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The ABC’s of Car Donation - B is for Beware

 


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Beware of false claims. Beware of any charity or car donation center that uses any of theses phrases; “full fair market value”, “maximum value”, “maximum deduction” “huge tax deduction”, “fully tax deductible” or “tax credit”. First, there is no tax credit allowed for a car donation. The IRS allows a tax deduction. A tax credit and a tax deduction are 2 completely different things. In order to claim a tax deduction, you have to itemize on your federal income tax return. This is generally known as “filling out the long form”.

The tax rules regarding the amount a donor can claim for a car donation changed effective January 1, 2005. If you donate your car to charity, the amount you can claim for your tax deduction depends on what the charity does with your car and the fair market value of your car on the day you donate car.

The fair market value is the amount you can reasonably expect to sell your car for in the open market in its current condition. Besides looking at local car ads, you can use several pricing guides to help you determine the fair market value of your car. Some of the more popular guides are the Kelly Blue Book, the National Automobile Dealers Association guide and the Edmunds guide. They all will help you determine how to value your car based on its condition, mileage and accessories. Use the figures for private party sales not the retail sales. Beware of over estimating the fair market value of your car. If you do and the IRS chooses to audit your tax return, you’ll not only lose part of your tax deduction, you may have to pay a penalty as well.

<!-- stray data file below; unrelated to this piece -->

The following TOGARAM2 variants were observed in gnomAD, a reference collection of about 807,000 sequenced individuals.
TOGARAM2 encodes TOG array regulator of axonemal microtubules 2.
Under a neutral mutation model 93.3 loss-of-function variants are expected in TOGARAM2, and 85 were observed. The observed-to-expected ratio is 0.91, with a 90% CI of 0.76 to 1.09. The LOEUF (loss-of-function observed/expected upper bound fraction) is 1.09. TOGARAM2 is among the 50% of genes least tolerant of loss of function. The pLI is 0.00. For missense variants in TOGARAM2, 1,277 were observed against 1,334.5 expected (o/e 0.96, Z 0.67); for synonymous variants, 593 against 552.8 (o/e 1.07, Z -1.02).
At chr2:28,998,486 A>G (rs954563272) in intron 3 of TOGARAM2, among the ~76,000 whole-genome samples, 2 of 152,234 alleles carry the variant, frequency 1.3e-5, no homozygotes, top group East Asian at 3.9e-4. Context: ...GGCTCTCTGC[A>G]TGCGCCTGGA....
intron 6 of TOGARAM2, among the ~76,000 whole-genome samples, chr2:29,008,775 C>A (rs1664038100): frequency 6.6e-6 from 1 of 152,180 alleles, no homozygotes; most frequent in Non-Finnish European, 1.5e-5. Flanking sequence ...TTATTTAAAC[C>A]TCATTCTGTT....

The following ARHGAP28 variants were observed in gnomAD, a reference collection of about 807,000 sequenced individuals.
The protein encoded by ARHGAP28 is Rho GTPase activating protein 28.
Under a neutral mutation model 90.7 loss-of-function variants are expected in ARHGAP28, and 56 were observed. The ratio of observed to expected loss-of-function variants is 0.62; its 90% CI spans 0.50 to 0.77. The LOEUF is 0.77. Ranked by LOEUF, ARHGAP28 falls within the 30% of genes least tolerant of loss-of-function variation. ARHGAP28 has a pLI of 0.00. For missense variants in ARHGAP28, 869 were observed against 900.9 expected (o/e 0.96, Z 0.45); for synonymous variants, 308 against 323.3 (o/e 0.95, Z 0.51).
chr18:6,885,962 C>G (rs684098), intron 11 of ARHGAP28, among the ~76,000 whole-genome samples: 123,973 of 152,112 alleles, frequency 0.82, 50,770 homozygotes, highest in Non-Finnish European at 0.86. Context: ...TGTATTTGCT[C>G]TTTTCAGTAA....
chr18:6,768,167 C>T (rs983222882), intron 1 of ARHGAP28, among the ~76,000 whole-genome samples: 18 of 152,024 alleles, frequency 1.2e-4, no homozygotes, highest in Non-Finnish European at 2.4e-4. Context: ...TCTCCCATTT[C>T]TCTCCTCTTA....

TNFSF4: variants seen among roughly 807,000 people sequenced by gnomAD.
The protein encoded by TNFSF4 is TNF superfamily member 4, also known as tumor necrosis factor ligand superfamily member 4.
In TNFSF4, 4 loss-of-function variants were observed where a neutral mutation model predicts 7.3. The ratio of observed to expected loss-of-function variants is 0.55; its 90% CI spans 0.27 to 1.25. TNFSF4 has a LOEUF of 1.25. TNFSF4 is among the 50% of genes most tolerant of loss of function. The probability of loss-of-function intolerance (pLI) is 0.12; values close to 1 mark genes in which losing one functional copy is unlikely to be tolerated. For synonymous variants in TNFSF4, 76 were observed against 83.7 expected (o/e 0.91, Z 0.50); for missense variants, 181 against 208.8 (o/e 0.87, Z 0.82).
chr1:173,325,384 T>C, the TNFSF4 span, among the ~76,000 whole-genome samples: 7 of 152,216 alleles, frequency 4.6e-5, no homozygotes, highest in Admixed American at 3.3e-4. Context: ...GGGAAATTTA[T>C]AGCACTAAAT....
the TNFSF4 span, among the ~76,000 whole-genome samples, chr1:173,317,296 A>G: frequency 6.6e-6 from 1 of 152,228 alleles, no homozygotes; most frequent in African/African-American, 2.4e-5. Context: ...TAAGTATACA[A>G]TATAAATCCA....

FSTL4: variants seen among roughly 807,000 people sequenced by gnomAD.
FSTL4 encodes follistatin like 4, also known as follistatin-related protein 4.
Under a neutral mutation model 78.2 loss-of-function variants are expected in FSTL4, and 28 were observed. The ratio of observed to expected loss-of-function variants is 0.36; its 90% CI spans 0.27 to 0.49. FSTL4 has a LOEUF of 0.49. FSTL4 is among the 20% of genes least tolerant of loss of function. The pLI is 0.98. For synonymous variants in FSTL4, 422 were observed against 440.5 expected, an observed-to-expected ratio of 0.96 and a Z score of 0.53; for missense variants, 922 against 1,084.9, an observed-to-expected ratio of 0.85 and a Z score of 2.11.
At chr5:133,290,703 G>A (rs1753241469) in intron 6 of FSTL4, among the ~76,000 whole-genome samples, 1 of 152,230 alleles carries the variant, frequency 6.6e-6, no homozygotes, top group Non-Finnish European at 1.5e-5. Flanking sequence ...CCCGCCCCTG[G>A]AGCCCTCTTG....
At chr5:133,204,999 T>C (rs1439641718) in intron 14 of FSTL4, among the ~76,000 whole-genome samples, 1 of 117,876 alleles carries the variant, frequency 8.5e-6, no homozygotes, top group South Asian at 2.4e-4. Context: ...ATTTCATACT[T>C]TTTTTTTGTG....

The other factor that determines the amount you can claim for your tax deduction when you donate car is what the charity does with your car. If the charity uses your car for their purposes, gives it or sells it a greatly reduced price to a needy person or makes substantial improvements to your car before selling it, you can claim the fair market valve. These practices, however, are not the norm. Most charities sell car donations as-is. If the charity sells your car, you can claim the fair market value up to $500 or the amount the charity sells your car donation for if it is more than $500. IRS publications 526 and 561 will give you complete details on how to determine your tax deduction.

Beware of slick advertisements especially if you are concerned about how much of the proceeds the charity will get from the sale of your car donation. Radio and newspaper ads and billboards are very expensive. The donation centers that run these ads use a portion of the proceeds from car donations to pay for them.

Donating a car to charity can be a beautiful thing if you know how to avoid the pitfalls.

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